One more shooting mode is available, called Cinema. This provides nine different film looks, such as flickering old movies, cool or vivid. This mode also allows many of the manual controls to be used at the same time, such as the aperture and shutter priority options, but not scene modes nor the image effects.
There are even minijacks available for hooking up an external microphone and headphones, although the accessory shoe is Canon’s proprietary “S” Mini Advanced Shoe. This will only accommodate Canon peripherals unless you purchase a third-party adapter, which won’t be a particularly sturdy attachment.
So, finally, we come to the M52’s most unique feature. The M52 isn’t the first camcorder to include wireless connectivity. Sony added Bluetooth to a few of its camcorders some years ago. But this is the first we know of to integrate wireless and DLNA in one. Once you have entered the settings for your wireless network, or configured this automatically using the WPS facility, you can call up the DLNA server. This will then appear on your network as an AV streaming device. We managed to stream both AVCHD files and MP4s to a PC running CyberLink PowerDirector 11 and VLC Media Player 2, but our test iPhone app, MLPlayer Lite, would only play the MP4s, which is presumably one reason why this option is offered.
It’s a bit of a missed opportunity that Canon hasn’t also made it possible to stream video live from this device. A built-in webserver or partnership with Bambuser would have made this an incredible Internet camcorder, like the model Flip was rumoured to be about to release just before Cisco closed the brand, only with better camcorder abilities. But the DLNA features are nevertheless quite impressive.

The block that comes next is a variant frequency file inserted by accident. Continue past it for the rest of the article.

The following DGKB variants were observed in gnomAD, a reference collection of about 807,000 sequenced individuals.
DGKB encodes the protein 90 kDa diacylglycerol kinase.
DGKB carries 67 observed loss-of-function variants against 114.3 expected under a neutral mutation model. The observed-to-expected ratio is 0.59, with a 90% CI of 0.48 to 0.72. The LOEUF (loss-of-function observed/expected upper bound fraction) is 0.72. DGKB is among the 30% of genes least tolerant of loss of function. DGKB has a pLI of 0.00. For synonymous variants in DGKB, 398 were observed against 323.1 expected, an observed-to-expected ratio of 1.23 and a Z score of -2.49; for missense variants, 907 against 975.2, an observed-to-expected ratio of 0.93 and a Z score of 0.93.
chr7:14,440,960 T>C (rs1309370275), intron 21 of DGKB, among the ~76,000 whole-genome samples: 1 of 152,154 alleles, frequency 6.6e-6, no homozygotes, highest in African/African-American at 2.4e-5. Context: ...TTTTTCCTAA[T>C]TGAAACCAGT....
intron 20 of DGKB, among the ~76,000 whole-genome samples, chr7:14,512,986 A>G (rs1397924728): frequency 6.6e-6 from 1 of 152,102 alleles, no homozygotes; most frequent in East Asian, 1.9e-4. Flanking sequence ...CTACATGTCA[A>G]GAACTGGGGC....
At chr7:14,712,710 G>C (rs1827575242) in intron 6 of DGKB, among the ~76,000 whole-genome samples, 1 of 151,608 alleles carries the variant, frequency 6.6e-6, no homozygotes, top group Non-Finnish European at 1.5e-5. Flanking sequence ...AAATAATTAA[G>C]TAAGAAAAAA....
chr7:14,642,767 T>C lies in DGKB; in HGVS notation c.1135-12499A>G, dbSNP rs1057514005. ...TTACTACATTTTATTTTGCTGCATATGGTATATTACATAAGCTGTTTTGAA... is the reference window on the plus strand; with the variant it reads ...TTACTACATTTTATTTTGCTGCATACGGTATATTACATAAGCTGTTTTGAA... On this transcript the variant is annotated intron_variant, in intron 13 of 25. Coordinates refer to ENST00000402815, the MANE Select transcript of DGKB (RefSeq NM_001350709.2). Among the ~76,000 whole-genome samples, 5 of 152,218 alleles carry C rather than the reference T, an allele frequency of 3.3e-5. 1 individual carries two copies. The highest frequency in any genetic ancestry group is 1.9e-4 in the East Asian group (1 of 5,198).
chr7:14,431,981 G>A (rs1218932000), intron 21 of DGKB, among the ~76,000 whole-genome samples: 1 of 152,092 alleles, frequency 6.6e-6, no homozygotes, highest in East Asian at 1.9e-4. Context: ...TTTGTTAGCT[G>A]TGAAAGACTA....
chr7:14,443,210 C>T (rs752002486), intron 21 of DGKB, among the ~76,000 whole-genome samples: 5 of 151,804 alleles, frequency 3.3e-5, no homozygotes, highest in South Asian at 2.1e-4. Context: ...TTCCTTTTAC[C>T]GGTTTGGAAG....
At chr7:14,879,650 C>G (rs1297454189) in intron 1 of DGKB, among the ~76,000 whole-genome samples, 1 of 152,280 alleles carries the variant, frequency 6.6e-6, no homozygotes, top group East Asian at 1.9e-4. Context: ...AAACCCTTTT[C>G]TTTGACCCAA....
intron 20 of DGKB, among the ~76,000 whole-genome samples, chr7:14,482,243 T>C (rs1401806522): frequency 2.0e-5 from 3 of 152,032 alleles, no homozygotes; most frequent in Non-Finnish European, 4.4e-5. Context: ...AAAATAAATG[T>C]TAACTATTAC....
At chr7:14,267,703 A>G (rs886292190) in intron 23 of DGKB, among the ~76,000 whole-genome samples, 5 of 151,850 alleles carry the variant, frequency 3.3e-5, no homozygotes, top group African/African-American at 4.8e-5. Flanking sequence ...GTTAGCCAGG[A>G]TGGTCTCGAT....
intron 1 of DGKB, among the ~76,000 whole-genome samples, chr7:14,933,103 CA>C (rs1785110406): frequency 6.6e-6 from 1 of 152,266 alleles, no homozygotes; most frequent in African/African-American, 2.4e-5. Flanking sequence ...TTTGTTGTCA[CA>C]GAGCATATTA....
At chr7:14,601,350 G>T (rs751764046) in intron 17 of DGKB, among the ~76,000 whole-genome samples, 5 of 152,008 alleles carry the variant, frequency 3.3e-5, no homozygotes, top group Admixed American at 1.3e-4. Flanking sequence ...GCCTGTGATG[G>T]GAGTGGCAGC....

With its professionally derived sensor, the M52 provides seriously good image quality. Colours are vivid and vibrant, and there’s plenty of fine detail. Footage has a very slight lack of sharpness compared to Panasonic’s top-end models such as the HC-X900, but otherwise this is one of the best performances we’ve seen from a consumer-grade camcorder. Low light capabilities are similarly impressive, with the image remaining bright and colourful down to low levels of illumination. The M52 aced our 100W ceiling light test, for example. Best of all, there’s no sign of grain, implying that the M52 is not using aggressive levels of video gain to achieve this quality.
The LEGRIA HF M52 is a slightly curious model for Canon. We usually associate the more adventurous camcorder features with Sony, such as the projector built into the https://www.trustedreviews.com/sony-hdr-pj10e_Camcorder_reviewhttps://www.trustedreviews.com/sony-hdr-pj10e_Camcorder_review HDR-PJ10E and the GPS receiver integrated into a number of units. But Canon has managed to combine leading image quality with a reasonable set of features, plus the unique video streaming capabilities. The resulting price is quite high, but otherwise this is an accomplished little camcorder.
Score in detail
Image Quality 10
|Image Sensor||1/3in HD CMOS PRO with 2.37Mpixels|
|Image Sensor Quantity||1|
|Optical Zoom (Times)||10x|
|Digital Zoom (Times)||200x|
|Recording Media||Flash Drive|
|Video Capture Format||AVCHD and MP4|
|Max Video Res||1920 x 1080|
|Minimum Lux Rating (Lux)||1lx|
|LCD Screen Size (Inch)||3in|
|On-board Storage (Gigabyte)||32GB|
|Audio / Video Out||Yes|
|Audio / Video In||No|